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The Lee-Enfield Rifle

This world famous predecessor to the modern repeater rifle was invented by James Paris Lee (below), a native of Hawick, Roxburgh, Scotland. He was born on August 28, 1831, the son of a prominent watchmaker. When the family first immigrated to Canada, they lived in Galt, but later moved to Chatham, where Lee's father opened a jeweller's shop.

At age 7, James got a job in this shop and first started to experiment with firearms. In 1850 James opened his shop. By 1862, he had patented his first rifle - a single shot, breech loading rifle. The U.S. War Department ordered 1,000 of these, but misunderstanding about the calibre led to cancellation of the order. Lee claimed damages from the government, but was forced to close his shop. 


Wallaceburg is the home of the first Lee Rifle, the predecessor to the Lee-Enfield Rifle. The river front echoed the very first test shot of this repeater rifle as it whistled clear across the river and into an oak tree. A plaque in Municipal Park now marks this 1878 event and the museum houses this important military artifact. .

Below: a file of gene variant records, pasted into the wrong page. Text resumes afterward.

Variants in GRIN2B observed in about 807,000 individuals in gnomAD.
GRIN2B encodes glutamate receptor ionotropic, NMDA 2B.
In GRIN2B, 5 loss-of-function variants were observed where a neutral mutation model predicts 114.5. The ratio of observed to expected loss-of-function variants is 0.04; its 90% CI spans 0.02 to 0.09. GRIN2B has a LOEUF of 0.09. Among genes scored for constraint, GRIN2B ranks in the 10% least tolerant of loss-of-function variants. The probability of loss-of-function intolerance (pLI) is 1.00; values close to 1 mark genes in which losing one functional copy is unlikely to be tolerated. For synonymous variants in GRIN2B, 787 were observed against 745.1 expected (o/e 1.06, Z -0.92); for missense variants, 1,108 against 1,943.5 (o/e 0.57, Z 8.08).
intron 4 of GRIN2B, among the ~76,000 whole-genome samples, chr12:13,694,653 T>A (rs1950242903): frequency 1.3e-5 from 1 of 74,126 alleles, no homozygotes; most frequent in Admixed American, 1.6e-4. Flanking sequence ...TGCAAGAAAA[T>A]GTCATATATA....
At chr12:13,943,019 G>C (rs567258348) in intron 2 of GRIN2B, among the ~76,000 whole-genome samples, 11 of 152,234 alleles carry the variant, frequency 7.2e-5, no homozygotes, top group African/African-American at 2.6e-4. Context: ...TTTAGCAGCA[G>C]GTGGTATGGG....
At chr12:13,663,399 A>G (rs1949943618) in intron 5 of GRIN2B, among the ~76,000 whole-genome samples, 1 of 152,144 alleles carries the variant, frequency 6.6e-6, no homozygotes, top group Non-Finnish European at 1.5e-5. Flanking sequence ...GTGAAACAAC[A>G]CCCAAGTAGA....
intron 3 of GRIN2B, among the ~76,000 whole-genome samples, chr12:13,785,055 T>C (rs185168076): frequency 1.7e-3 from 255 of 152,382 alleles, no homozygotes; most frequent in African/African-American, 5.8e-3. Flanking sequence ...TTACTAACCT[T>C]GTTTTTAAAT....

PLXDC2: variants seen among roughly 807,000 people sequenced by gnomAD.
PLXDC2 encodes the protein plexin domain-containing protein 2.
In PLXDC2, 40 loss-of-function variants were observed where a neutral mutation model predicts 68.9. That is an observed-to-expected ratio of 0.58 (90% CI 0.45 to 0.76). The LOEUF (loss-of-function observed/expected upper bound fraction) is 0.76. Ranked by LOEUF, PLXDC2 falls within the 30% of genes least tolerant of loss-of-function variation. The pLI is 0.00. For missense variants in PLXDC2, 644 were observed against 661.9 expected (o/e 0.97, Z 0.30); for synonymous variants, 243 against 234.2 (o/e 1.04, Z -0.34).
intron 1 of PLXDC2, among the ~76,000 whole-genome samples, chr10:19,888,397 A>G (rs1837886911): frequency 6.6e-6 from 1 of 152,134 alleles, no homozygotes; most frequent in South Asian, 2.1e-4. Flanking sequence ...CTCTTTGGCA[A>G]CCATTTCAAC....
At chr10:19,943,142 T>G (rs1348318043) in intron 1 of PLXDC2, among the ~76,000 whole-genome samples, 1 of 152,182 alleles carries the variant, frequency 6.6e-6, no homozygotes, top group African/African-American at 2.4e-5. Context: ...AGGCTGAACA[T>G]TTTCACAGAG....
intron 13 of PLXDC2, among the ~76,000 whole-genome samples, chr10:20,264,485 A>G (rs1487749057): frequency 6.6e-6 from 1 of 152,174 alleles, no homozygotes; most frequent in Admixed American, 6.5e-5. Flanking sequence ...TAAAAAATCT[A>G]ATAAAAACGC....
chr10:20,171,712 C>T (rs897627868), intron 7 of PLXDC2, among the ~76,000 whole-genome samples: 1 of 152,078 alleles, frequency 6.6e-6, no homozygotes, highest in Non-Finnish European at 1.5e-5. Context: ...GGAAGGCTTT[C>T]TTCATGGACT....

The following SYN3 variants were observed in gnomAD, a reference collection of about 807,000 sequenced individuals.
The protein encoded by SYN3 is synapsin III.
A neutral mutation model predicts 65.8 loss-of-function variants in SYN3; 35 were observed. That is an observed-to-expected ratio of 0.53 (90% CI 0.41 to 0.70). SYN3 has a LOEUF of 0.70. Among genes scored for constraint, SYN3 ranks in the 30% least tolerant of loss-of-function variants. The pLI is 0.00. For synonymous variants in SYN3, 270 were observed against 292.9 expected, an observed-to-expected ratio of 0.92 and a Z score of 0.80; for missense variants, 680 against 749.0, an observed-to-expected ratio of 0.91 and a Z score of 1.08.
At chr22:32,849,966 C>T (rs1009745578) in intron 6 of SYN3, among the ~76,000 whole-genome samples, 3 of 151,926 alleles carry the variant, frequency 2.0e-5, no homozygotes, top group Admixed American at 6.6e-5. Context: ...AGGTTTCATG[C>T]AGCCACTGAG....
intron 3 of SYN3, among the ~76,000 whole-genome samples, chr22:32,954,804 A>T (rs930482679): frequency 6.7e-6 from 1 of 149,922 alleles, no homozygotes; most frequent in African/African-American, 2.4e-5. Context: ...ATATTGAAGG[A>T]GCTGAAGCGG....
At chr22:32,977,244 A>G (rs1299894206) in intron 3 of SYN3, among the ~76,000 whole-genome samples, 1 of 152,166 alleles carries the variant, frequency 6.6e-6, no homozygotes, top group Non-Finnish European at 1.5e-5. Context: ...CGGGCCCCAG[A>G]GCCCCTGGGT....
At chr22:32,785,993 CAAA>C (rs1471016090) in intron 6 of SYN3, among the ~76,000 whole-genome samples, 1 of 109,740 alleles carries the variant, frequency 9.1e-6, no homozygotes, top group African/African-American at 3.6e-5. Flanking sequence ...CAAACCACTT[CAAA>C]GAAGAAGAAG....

It was in 1878, when James made his greatest contribution. He invented a rifle with a box magazine capable of firing 30 shots per minute. The rifle was perfected in Wallaceburg on a site opposite the Municipal Building. The gun was tested successfully in Wallaceburg. Bullets were fired from the Lee Brothers Foundry across the Sydenham River into an oak tree hundreds of yards away.


Ten thousand of these rifles were sold to the U.S. Navy and they also became the standard issue for the British Army for over 60 years. The Patent rights were purchased by England for 50,000 pounds plus 50 cents for each magazine. The rifle was produced in Enfield, England in 1888, thus the "Lee Enfield" name. The rifle on display is the original prototype and the desk on display was used to store the tools that helped construct the Lee Rifle. A plaque commemorating the rifle was erected on July 2, 1975 in Municipal Park.

Rifle Production Facts:

2,506,307 models of the gun were by USA for Britain, 1917-1918

2,120,000 produced by Royal Small Arms, 1914-1918

1,504,000 produced by Lithgow Arms Australia, 1913-1942 

1,250,000 produced by British Small Arms, 1939-1942 

910,368 produced by Canada Small Arms, 1939-1945

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